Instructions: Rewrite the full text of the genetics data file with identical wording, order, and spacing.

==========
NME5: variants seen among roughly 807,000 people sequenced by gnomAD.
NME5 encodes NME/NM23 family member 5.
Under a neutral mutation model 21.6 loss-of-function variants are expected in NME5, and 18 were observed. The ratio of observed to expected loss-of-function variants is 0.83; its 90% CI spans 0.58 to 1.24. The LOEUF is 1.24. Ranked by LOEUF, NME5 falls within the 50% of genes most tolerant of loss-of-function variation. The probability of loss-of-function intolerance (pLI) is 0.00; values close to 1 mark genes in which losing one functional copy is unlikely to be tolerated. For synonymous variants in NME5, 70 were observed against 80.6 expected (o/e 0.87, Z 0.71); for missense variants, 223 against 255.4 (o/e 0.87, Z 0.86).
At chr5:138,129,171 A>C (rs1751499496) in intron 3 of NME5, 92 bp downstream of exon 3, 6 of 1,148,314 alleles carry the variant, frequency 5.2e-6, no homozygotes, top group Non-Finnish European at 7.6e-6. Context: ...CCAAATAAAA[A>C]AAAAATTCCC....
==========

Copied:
NME5: variants seen among roughly 807,000 people sequenced by gnomAD.
NME5 encodes NME/NM23 family member 5.
Under a neutral mutation model 21.6 loss-of-function variants are expected in NME5, and 18 were observed. The ratio of observed to expected loss-of-function variants is 0.83; its 90% CI spans 0.58 to 1.24. The LOEUF is 1.24. Ranked by LOEUF, NME5 falls within the 50% of genes most tolerant of loss-of-function variation. The probability of loss-of-function intolerance (pLI) is 0.00; values close to 1 mark genes in which losing one functional copy is unlikely to be tolerated. For synonymous variants in NME5, 70 were observed against 80.6 expected (o/e 0.87, Z 0.71); for missense variants, 223 against 255.4 (o/e 0.87, Z 0.86).
At chr5:138,129,171 A>C (rs1751499496) in intron 3 of NME5, 92 bp downstream of exon 3, 6 of 1,148,314 alleles carry the variant, frequency 5.2e-6, no homozygotes, top group Non-Finnish European at 7.6e-6. Context: ...CCAAATAAAA[A>C]AAAAATTCCC....